Saturday, August 7, 2010

A premature elegy for "eavestrough"?

I've been in Ohio for a while, enjoying family festivities and, as I always do, renewing my acquaintance with my native dialect. So it was an especially appropriate time to read the Newsweek piece by Joan Hall, chief editor of the Dictionary of American Regional English, on the progress of that wonderful (and almost complete) 45-year-old project.

DARE's research, wrote Hall, shows that despite popular belief, mass communication has not wiped out local varieties of English. However, she said, "Certain regional terms have been weakened by commercial influences, like Subway’s sub sandwich, which seems to be nibbling away at hero, hoagie, and grinder."

This reminded me of the "For Better or Worse" cartoon above, from June 13, in which John is given a honey-do list that includes "Clean eaves troughs." (I write it as one word, myself, but I see the spellchecker doesn't approve.) Eavestroughs was a common synonym for gutters when I was young, but like the regional names for submarine sandwiches, it seems to have been marginalized by national advertisers, who made gutters the generic term.

DARE's map shows eaves trough (also known as eave trough and eaves troth) widely disseminated across the Northern states and throughout California, though not in Eastern Massachusetts. The dictionary quotes a 1961 comment from the journal American Speech: "Eaves troughs and eaves … trail far behind the commercial term [=gutters]. Their markedly greater use by [older] informants suggests that both terms are on the way out."

Maybe, maybe not. Lynn Johnston, creator of  "For Better or Worse," is Canadian, and thus not on DARE's map, but apparently she's been living in dialect regions where eaves trough continues to thrive.

*Thanks to Visual Thesaurus and to Mr. Verb for the link.

19 comments:

jhm said...

Extending the range of your survey, I've lived in Western Mass. forever, and have never heard "eave trough." It occurs to me that it might me convenient to have a word that didn't carry the ambiguity of 'gutter,' but I guess this doesn't seem to be a problem [My computer's dictionary (New Oxford American) only lists the eave-type under nouns].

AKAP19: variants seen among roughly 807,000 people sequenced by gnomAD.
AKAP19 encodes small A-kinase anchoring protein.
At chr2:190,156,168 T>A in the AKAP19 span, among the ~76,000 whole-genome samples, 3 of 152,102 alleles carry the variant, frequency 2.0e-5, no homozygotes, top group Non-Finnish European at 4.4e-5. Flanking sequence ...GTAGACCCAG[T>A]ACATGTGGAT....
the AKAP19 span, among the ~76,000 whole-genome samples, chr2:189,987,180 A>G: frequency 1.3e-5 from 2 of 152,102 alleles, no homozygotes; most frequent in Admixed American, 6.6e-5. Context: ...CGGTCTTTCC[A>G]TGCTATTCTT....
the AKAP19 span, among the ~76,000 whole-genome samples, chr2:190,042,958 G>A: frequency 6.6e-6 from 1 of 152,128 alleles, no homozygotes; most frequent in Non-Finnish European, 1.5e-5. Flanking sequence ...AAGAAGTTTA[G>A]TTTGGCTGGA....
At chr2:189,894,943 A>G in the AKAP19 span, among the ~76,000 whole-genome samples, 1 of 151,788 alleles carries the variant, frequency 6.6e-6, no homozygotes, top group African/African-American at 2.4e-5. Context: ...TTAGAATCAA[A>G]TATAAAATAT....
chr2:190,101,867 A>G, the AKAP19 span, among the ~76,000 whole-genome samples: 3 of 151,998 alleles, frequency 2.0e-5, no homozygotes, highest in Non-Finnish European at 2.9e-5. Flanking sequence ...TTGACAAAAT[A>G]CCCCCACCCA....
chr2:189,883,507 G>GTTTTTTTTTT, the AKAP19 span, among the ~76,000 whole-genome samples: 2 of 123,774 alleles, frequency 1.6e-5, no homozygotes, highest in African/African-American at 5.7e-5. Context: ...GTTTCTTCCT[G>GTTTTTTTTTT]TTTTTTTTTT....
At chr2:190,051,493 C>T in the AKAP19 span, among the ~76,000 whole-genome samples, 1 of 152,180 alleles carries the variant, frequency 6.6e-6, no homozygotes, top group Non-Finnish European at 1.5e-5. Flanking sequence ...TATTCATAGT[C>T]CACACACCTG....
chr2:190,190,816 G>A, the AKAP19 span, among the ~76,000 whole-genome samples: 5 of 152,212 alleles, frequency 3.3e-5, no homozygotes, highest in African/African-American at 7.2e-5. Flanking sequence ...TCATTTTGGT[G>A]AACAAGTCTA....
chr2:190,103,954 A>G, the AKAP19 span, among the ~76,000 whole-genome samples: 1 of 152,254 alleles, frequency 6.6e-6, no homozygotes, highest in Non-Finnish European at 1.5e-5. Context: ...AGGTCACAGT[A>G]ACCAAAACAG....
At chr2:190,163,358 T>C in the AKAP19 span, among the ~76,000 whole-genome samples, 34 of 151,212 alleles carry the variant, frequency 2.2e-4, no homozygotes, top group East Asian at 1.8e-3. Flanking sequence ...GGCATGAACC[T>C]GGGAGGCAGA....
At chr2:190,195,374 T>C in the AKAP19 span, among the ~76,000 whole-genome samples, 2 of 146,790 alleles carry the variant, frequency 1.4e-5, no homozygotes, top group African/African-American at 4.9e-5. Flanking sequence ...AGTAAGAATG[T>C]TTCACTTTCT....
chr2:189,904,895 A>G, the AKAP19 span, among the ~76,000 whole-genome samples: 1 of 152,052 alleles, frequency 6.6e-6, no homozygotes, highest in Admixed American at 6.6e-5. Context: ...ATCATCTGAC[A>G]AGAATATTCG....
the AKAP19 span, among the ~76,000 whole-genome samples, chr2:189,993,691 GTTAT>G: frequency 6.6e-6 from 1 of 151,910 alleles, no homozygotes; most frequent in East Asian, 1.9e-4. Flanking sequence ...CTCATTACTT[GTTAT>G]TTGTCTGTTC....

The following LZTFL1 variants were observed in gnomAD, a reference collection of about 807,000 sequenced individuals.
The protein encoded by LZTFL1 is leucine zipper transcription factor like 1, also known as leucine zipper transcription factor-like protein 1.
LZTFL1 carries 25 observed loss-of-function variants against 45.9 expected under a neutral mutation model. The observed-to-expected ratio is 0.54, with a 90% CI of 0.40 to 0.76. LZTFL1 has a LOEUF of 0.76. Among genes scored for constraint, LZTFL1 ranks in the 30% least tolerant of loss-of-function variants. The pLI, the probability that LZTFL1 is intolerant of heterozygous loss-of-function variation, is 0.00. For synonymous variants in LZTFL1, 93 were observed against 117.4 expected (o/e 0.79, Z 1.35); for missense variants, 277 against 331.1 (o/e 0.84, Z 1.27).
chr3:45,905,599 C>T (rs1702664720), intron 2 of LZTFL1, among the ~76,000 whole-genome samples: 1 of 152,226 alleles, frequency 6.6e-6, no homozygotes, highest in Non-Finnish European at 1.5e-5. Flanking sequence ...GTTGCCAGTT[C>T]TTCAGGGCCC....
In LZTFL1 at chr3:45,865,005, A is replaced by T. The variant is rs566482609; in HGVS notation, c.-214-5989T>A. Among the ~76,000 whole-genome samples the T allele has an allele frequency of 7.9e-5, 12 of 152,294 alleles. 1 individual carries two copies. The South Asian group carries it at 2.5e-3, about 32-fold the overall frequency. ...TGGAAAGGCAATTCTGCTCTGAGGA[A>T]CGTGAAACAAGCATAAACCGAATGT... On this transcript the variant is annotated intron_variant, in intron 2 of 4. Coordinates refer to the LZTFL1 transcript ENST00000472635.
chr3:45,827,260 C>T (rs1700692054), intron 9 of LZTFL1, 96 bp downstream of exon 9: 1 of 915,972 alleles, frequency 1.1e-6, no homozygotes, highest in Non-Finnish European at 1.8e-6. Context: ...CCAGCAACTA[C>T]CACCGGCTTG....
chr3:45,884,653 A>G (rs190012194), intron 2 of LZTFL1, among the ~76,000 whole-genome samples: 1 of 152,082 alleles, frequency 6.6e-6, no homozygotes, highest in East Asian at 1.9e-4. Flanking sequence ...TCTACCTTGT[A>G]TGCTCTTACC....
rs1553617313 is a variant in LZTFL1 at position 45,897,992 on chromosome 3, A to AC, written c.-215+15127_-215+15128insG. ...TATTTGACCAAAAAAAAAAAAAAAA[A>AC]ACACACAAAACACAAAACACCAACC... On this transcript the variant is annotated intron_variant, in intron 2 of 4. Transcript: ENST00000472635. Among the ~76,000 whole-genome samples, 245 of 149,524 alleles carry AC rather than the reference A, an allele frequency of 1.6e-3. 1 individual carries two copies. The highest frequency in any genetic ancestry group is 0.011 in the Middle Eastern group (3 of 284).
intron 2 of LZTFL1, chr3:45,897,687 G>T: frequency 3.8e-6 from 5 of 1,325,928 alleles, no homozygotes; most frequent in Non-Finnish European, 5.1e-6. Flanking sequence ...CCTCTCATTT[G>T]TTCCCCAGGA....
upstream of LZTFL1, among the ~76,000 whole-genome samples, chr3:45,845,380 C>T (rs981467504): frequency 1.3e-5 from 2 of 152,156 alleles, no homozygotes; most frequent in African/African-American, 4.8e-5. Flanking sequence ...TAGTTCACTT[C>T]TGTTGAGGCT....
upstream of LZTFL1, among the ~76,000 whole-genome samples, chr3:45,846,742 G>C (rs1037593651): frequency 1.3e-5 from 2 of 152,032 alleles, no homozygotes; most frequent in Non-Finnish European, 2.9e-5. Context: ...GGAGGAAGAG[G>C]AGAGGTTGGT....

I suppose this means that OH is spared multiple "Mr. Gutter" businesses; "Mr. Eavestrough" doesn't seem to make it somehow.

empty said...

I've never heard of it, either (in NJ and New England). I thought from the title that this was going to be about an eggcorn for "eavesdrop"!

Q. Pheevr said...

"For Better or For Worse" is currently running a mixture of old and new material, so it's possible that that chore list is one that was written decades ago, and thus not necessarily a reliable indicator of current usage. However, I can attest that eavestrough is indeed alive and well at least in Ontario (and probably in other parts of Canada as well, but I can't say for sure). I write it solid, too, but then I'm not trying to make it fit on a little piece of paper in a comic strip character's hand.

drw said...

Note that "For Better or Worse" is recycling strips. This one is from 1981. So it's a use of dialect from almost thirty years ago and may not reflect current usage.

Jan said...

Re the recycling question: Yes, Johnston is currently mixing old strips with new ones, but the website indicates that the "eaves troughs" one is new, not archival.

@empty: Well, the "eaves" is the same in both words; "eavesdropping" is lurking under the roof overhang to listen to private conversations.

Caran said...

I'm a native and lifelong resident of Georgia, and I've never heard the term. I like it, though-- it's more descriptive than simple "gutter".

Kevin Morrison said...

Jan - your Newsweek link needs fixing (or "needs fixed" as they say here in Pittsburgh).

Jan said...

Thanks, Kevin -- the link should work now. I'm fond of "needs fixed," which occasionally made an appearance in my neck of the woods as well.

Steps said...

"Gutter" dates back at least to the 14th C according to the OED:

2. A shallow trough fixed under the eaves of a roof, or a channel running between two sloping roofs, to carry off the rain-water.